WASHINGTON — The White House Council of Economic Advisers said in a report Monday the economic cost of the opioid drug epidemic in 2015 was $504 billion, a value the council said is more than six times larger than the most recent estimated costs.
The council said in its 10-page report other studies focus mostly on health care costs relating to the use of medical opioids, which are prescribed for treating pain but also have a high potential for abuse.
Risky opioid use could lead to using other drugs, such as heroin or fentanyl.
“The crisis has worsened in recent years, with an increasing role played by heroin abuse, and evidence suggests that fatality statistics understate the number of opioid-related deaths,” the report said.
The epidemic’s impact in 2015 is equivalent to 2.8 percent of the country’s gross domestic product for that year.
The council said among the largest and most recent estimates came from 2016, in which a private report found the opioid crisis cost the country $78.5 billion in 2013. The authors of the 2016 study found a majority of the cost was because of health care spending, criminal justice costs and lost productivity.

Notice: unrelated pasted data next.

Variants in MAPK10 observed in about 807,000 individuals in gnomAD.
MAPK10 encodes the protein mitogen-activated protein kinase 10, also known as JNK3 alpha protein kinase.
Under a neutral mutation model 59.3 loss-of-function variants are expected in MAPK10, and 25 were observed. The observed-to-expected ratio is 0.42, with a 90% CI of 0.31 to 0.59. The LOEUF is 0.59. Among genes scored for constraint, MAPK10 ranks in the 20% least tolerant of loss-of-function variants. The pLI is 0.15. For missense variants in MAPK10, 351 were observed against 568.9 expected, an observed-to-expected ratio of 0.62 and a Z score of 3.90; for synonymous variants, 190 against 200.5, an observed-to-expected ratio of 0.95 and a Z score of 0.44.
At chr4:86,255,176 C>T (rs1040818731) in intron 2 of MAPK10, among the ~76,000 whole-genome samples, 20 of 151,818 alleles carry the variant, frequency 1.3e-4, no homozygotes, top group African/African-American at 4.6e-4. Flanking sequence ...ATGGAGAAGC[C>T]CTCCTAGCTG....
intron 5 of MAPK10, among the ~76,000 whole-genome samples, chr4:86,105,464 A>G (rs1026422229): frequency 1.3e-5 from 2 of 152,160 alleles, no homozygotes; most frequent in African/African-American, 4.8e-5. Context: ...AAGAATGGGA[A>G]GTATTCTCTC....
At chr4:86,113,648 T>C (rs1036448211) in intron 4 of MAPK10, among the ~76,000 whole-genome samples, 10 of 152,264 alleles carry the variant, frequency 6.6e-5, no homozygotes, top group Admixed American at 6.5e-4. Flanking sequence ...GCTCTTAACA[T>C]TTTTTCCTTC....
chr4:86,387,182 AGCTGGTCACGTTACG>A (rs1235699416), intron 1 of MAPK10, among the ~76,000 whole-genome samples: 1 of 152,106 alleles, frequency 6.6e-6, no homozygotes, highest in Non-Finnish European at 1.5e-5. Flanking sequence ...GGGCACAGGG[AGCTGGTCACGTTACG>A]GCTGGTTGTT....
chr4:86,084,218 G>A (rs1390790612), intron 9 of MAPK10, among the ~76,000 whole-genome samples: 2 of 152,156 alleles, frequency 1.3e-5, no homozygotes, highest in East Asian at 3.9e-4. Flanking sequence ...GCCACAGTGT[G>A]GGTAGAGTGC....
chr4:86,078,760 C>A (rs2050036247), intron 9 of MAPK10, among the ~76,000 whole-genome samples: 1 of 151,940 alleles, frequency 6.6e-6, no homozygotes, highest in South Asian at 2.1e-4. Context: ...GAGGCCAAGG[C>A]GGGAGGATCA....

“The remaining 27 percent was attributed to fatality costs consisting almost entirely of lost potential earnings,” the Monday report said in reference to last year’s study.
The report also noted 33,091 people died in 2015 from a drug overdose involving opioids, which was 63 percent of total deaths caused by addiction. Most of the deaths occurred among those between 22 and 55 years old.
The U.S. Centers for Disease Control and Prevention said West Virginia has the highest overdose rate in 2015 with 41.5 deaths per 100,000 people. The CDC reported 64,000 people died nationwide in 2016 from a drug overdose.
President Donald Trump declared the opioid epidemic a national public health emergency on Oct. 26, ordering his administration to address addiction and excessive opioid use though not providing government agencies with additional resources on the matter.
The president’s Commission on Combating Drug Addiction and the Opioid Crisis recommended in its Nov. 1 report the establishment of additional drug courts, block grant funding for states to create courts and a multi-platform media campaign on the dangers of excessive drug use.